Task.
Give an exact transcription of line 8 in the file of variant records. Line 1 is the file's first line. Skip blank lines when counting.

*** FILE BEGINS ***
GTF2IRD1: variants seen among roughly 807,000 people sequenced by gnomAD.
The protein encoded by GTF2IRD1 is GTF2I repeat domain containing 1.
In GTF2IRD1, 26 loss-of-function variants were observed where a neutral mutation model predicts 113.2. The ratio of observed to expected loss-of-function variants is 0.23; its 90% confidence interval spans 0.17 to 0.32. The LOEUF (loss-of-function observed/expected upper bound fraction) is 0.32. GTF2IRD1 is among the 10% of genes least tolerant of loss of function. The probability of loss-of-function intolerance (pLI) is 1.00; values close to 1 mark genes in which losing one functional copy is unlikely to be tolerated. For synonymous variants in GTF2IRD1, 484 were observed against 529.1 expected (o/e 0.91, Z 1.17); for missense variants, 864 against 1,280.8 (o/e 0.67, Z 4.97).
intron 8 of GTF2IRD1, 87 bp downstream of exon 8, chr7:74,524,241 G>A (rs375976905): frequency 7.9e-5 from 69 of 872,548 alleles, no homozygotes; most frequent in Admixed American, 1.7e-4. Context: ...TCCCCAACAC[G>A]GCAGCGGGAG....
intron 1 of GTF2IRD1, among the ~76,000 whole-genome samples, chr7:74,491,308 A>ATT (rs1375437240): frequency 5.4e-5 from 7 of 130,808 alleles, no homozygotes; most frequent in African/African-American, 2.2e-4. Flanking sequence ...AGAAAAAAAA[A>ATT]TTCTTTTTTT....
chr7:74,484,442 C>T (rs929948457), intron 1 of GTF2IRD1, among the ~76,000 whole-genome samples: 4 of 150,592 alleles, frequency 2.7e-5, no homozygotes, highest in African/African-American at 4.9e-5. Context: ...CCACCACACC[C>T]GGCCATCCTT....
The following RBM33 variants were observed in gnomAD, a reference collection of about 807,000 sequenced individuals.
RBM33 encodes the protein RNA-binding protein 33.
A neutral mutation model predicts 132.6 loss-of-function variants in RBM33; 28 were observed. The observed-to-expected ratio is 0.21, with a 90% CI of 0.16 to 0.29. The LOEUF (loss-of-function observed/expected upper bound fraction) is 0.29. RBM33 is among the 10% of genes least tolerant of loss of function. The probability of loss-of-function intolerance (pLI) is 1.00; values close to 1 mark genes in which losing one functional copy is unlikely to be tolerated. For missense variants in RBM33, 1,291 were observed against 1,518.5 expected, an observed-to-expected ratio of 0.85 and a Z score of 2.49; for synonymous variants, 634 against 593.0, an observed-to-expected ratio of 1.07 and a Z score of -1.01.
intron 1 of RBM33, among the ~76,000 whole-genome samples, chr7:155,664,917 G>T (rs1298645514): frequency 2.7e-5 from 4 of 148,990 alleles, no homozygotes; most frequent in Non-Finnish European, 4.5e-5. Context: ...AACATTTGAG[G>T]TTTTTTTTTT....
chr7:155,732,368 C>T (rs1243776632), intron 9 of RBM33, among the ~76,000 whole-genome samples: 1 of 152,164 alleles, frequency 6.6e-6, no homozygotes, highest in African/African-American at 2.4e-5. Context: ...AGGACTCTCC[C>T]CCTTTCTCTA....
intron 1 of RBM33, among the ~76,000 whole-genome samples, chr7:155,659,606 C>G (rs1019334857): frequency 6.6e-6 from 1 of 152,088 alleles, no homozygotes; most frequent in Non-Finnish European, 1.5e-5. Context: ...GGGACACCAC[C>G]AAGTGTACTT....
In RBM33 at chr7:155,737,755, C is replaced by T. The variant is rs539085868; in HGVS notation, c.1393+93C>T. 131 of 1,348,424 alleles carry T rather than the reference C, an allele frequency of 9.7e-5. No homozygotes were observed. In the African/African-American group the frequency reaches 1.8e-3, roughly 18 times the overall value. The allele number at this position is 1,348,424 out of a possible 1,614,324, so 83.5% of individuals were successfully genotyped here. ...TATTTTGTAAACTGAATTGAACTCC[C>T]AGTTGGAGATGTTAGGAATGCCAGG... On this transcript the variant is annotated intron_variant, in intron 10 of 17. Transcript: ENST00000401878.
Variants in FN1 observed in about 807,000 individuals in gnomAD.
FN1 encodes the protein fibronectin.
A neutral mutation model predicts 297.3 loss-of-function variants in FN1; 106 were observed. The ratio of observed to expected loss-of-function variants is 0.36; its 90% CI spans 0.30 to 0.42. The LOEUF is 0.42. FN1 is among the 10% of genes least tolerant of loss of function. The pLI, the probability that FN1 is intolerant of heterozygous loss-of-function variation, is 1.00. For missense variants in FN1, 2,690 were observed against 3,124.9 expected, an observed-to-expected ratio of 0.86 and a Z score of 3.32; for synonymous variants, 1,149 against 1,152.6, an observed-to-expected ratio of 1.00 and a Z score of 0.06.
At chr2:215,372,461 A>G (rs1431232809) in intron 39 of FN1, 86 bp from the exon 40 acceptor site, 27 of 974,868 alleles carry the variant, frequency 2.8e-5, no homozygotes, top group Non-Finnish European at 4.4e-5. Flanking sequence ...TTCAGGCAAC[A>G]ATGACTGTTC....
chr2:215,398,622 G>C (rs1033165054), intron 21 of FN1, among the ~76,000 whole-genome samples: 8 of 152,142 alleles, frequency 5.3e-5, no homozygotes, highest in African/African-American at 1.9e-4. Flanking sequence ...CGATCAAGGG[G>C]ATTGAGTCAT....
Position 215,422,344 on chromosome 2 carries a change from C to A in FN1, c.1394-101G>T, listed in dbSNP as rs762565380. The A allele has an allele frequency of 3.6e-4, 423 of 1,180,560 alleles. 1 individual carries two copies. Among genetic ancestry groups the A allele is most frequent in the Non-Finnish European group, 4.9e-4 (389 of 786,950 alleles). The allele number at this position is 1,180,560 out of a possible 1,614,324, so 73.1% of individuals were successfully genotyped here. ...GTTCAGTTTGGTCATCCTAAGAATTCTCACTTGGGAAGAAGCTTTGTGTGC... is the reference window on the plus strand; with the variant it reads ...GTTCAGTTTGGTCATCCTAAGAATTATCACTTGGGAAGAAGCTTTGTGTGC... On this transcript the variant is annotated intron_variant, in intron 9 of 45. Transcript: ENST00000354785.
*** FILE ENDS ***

RBM33 encodes the protein RNA-binding protein 33.